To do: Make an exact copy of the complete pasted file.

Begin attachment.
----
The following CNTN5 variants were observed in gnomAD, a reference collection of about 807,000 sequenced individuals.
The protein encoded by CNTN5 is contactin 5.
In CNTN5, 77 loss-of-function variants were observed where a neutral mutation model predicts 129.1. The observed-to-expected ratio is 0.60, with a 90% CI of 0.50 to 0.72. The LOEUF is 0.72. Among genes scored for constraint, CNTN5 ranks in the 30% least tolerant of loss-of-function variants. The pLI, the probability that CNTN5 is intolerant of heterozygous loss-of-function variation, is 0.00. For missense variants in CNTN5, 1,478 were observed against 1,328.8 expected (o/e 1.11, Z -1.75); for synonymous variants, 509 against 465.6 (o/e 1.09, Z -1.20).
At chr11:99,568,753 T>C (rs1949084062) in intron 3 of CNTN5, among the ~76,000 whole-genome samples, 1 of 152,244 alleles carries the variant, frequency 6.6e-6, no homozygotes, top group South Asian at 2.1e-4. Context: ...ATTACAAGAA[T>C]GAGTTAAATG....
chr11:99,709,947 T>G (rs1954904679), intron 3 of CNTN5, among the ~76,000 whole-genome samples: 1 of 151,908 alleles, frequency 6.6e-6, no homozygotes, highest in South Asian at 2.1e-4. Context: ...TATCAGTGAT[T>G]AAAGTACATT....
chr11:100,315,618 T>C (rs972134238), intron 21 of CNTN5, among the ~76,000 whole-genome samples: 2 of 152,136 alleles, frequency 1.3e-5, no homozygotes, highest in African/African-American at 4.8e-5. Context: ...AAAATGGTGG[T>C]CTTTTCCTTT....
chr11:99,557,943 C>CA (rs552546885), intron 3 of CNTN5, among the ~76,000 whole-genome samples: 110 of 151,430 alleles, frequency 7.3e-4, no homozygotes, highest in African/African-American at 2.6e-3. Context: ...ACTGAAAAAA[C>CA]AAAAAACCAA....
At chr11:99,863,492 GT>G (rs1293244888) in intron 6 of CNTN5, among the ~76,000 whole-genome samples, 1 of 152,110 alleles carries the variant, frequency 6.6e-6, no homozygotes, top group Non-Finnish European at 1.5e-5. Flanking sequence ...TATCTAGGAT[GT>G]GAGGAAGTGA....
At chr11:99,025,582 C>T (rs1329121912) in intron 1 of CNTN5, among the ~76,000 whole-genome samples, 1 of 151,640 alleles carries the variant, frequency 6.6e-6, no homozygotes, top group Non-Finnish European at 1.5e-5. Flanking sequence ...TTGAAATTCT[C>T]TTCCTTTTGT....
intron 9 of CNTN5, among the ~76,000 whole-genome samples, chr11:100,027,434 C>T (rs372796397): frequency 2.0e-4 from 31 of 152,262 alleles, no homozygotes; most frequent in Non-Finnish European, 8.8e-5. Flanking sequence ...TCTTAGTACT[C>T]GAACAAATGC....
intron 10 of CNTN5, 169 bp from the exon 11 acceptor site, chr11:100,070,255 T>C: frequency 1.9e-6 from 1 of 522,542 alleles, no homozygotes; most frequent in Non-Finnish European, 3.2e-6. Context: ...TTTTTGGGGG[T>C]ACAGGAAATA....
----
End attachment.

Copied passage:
The following CNTN5 variants were observed in gnomAD, a reference collection of about 807,000 sequenced individuals.
The protein encoded by CNTN5 is contactin 5.
In CNTN5, 77 loss-of-function variants were observed where a neutral mutation model predicts 129.1. The observed-to-expected ratio is 0.60, with a 90% CI of 0.50 to 0.72. The LOEUF is 0.72. Among genes scored for constraint, CNTN5 ranks in the 30% least tolerant of loss-of-function variants. The pLI, the probability that CNTN5 is intolerant of heterozygous loss-of-function variation, is 0.00. For missense variants in CNTN5, 1,478 were observed against 1,328.8 expected (o/e 1.11, Z -1.75); for synonymous variants, 509 against 465.6 (o/e 1.09, Z -1.20).
At chr11:99,568,753 T>C (rs1949084062) in intron 3 of CNTN5, among the ~76,000 whole-genome samples, 1 of 152,244 alleles carries the variant, frequency 6.6e-6, no homozygotes, top group South Asian at 2.1e-4. Context: ...ATTACAAGAA[T>C]GAGTTAAATG....
chr11:99,709,947 T>G (rs1954904679), intron 3 of CNTN5, among the ~76,000 whole-genome samples: 1 of 151,908 alleles, frequency 6.6e-6, no homozygotes, highest in South Asian at 2.1e-4. Context: ...TATCAGTGAT[T>G]AAAGTACATT....
chr11:100,315,618 T>C (rs972134238), intron 21 of CNTN5, among the ~76,000 whole-genome samples: 2 of 152,136 alleles, frequency 1.3e-5, no homozygotes, highest in African/African-American at 4.8e-5. Context: ...AAAATGGTGG[T>C]CTTTTCCTTT....
chr11:99,557,943 C>CA (rs552546885), intron 3 of CNTN5, among the ~76,000 whole-genome samples: 110 of 151,430 alleles, frequency 7.3e-4, no homozygotes, highest in African/African-American at 2.6e-3. Context: ...ACTGAAAAAA[C>CA]AAAAAACCAA....
At chr11:99,863,492 GT>G (rs1293244888) in intron 6 of CNTN5, among the ~76,000 whole-genome samples, 1 of 152,110 alleles carries the variant, frequency 6.6e-6, no homozygotes, top group Non-Finnish European at 1.5e-5. Flanking sequence ...TATCTAGGAT[GT>G]GAGGAAGTGA....
At chr11:99,025,582 C>T (rs1329121912) in intron 1 of CNTN5, among the ~76,000 whole-genome samples, 1 of 151,640 alleles carries the variant, frequency 6.6e-6, no homozygotes, top group Non-Finnish European at 1.5e-5. Flanking sequence ...TTGAAATTCT[C>T]TTCCTTTTGT....
intron 9 of CNTN5, among the ~76,000 whole-genome samples, chr11:100,027,434 C>T (rs372796397): frequency 2.0e-4 from 31 of 152,262 alleles, no homozygotes; most frequent in Non-Finnish European, 8.8e-5. Flanking sequence ...TCTTAGTACT[C>T]GAACAAATGC....
intron 10 of CNTN5, 169 bp from the exon 11 acceptor site, chr11:100,070,255 T>C: frequency 1.9e-6 from 1 of 522,542 alleles, no homozygotes; most frequent in Non-Finnish European, 3.2e-6. Context: ...TTTTTGGGGG[T>C]ACAGGAAATA....